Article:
Wing Walking for Beginners


The first lesson of wing walking (apparently) is to make sure that before releasing your anchor grip from one position that the next is secure.


And yet you’d be surprised how many people we have to mop up.

It’s a problem described in Hebrews 6. It comes in the terms that the writer uses to  describe the vital importance of hope in our lives as followers of Jesus. Here it is:

We may have strong encouragement, we who have fled for refuge in laying hold of the hope set before us. This hope we have as an anchor of the soul, a hope both sure and steadfast…”  

Make sure you get a good grip of that hope! 

The ones who are “encouraged” are those “who have fled for refuge in laying hold of the hope set before [them].” They have let go of something in order to lay hold of something. What’s that? It’s “the hope set before us.” What have they fled from? It is something that threatens us. We need to flee from it as we would something that threatens our safety. But we don’t just run anywhere: We flee to the hope set before us. We are not yet there, because it is set before us. But it is there, because it is set before us. Therefore, it is certain.

This letting go and taking hold has already taken place in the lives of the people the writer is describing. He is describing what they have already done. And those who have done this then have this hope as “an anchor of the soul.” Who are these people? The writer says that “we” have this anchor – evidently, he and his readers, the followers of Jesus.

All of us who have come to Christ, then, have taken refuge in the hope set before us. We may not appreciate the hope the way we should, but it is still there, and it is still ours. And it has given us – and we have – an anchor for our souls. Our problem may be, then, as with so many of our problems, that we don’t realize what we have, that we don’t realize the dimension of the hope, that we don’t realize that we have an anchor.

But when the wind gets up, its necessity will become more evident!

It’s an anchor in heaven. That’s the hope set before us. That’s what enables us to stand form (and even enjoy the ride!). Without it everything becomes terrifying, precarious and we are blown over by every fresh wind. The anchor is our hope. Our future hope, then, has some kind of steadying influence in the present.

If we have an anchor in heaven, that means we can deal with our restlessness on earth. We are restless because nothing works the way we want it to. If we think our anchor is in this world, our restlessness will never end. We’ll keep looking for a place to drop anchor, and when we find it, it will disappoint us, and we’ll move on to the next place. We’ll wander from place to place, job to job, person to person, church to church – always looking for something better, always looking for some harbor worthy of our anchor. That was Cain’s curse, by the way. He was a “vagrant and a wanderer on earth” (Genesis 4:12), without a heavenly anchor that allowed earthly relationships.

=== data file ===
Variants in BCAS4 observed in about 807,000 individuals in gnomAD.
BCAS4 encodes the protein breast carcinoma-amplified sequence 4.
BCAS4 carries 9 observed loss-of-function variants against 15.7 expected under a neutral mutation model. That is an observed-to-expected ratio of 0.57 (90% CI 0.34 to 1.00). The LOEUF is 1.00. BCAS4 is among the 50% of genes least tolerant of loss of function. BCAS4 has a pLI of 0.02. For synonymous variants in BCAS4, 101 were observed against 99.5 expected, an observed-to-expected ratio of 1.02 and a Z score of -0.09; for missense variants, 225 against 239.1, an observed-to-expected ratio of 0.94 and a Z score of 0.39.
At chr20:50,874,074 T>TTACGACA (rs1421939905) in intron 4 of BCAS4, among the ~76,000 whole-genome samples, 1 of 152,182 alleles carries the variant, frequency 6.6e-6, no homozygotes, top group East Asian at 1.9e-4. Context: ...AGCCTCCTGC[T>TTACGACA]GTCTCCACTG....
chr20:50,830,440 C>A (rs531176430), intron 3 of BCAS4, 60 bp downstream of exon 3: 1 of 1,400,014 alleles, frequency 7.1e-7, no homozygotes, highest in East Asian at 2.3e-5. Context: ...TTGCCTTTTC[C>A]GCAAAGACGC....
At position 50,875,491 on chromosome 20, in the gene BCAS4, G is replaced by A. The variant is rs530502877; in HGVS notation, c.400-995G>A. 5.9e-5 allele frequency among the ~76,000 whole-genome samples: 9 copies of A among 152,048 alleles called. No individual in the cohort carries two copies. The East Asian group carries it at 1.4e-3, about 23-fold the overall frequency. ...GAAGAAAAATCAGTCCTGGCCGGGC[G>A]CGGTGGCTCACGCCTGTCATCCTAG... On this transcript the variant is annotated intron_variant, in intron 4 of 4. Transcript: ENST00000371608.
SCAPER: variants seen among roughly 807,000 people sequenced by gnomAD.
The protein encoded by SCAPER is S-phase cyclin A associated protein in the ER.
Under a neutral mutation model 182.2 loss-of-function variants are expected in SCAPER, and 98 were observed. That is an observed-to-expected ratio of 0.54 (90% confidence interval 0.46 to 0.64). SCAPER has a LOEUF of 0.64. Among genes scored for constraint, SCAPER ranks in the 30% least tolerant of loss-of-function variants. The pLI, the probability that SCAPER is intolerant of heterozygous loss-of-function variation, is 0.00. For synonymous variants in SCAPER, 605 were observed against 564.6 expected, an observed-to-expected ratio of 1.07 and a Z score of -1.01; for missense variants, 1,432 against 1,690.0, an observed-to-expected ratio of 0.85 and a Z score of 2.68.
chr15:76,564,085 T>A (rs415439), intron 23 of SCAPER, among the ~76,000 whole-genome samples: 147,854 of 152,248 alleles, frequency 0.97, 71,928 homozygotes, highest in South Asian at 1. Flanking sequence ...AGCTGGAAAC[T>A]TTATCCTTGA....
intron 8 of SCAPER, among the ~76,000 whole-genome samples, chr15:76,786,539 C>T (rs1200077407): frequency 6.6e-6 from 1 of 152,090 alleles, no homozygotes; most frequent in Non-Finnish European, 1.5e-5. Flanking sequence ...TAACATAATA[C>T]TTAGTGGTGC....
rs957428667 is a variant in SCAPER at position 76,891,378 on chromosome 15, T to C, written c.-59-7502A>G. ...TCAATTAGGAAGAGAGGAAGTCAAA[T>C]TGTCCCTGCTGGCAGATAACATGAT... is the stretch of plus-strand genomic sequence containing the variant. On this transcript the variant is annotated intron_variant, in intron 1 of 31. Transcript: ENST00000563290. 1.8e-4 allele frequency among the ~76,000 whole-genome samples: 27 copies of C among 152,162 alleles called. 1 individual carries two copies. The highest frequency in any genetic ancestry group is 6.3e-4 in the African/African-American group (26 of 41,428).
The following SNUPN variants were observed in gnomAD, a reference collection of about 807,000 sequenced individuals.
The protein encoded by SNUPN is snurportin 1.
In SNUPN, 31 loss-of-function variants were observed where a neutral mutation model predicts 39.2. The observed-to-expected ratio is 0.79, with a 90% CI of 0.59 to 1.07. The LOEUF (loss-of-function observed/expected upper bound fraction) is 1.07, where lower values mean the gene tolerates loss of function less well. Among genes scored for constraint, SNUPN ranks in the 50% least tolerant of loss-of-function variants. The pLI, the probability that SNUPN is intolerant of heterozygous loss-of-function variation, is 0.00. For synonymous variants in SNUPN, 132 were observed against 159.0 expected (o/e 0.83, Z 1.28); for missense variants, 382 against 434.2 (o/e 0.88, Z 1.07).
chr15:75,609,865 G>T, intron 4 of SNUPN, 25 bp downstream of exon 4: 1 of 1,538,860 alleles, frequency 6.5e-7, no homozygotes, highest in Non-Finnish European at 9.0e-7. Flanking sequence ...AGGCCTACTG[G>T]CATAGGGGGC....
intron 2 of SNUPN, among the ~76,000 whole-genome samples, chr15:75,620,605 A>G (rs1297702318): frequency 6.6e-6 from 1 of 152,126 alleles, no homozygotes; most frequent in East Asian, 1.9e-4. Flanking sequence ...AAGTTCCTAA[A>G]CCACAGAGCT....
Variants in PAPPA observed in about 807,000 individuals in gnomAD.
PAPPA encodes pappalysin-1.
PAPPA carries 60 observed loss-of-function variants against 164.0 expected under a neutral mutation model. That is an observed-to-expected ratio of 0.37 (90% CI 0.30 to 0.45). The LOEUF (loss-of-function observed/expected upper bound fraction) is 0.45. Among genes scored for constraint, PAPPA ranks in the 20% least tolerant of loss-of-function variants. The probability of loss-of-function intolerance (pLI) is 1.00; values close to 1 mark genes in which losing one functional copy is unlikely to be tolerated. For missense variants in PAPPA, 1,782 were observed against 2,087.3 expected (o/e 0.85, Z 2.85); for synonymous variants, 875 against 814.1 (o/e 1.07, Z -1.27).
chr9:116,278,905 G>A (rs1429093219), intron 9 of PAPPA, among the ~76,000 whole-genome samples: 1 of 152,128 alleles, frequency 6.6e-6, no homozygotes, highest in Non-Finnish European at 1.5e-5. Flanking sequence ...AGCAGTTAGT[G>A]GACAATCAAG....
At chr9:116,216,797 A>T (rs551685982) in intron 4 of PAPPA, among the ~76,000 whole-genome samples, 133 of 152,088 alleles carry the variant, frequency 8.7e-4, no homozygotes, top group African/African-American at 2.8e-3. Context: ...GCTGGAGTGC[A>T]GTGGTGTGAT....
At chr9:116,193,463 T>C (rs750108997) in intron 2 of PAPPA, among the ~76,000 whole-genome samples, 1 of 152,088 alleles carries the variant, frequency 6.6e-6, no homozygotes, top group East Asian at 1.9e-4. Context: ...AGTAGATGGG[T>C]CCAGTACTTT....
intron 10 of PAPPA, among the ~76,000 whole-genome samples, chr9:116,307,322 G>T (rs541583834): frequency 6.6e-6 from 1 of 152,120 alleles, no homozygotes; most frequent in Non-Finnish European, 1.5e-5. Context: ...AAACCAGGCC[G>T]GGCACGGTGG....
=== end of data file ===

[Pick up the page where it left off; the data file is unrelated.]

We have an anchor for our souls. Our inner life is at rest with the knowledge that all will be well one day, that it doesn’t have to be well this day and that we can drop our earthly anchors in stormy harbours. What God has promised in the past about our future in heaven gives us stability in the present.

Anchoring is a metaphor: it doesn’t mean stasis. It is “hope” which always reaches forward.

Aren’t you, like me, hoping that some person, thing, or event will come along to give you that final feeling of inner well-being you desire? Don’t you often hope: ‘May this book, idea, course, trip, job, country or relationship fulfill my deepest desire.’ But as long as you are waiting for that mysterious moment you will go on running helter-skelter, always anxious and restless, always lustful and angry, never fully satisfied. You know that this is the compulsiveness that keeps us going and busy, but at the same time makes us wonder whether we are getting anywhere in the long run. This is the way to spiritual exhaustion and burn-out. This is the way to spiritual death.

But we have an anchor. It keeps us from drift. It is a hope both”sure and steadfast.”

It means that all is well. You’re safe.



This entry was posted in Christianity, Contemporism, Evangelism, Faith, God, Is it me?, Jesus, life, Listening, The church today and tagged , , , , , , , , , , , , , , , . Bookmark the permalink.

One Response to Wing Walking for Beginners

  1. Michael Rodgers says:

    Book, idea course, trip; v true! Sometimes I get a glimpse of a Narnia type place, another dimension, in my dreams (hope) For today I will try drop anchor.

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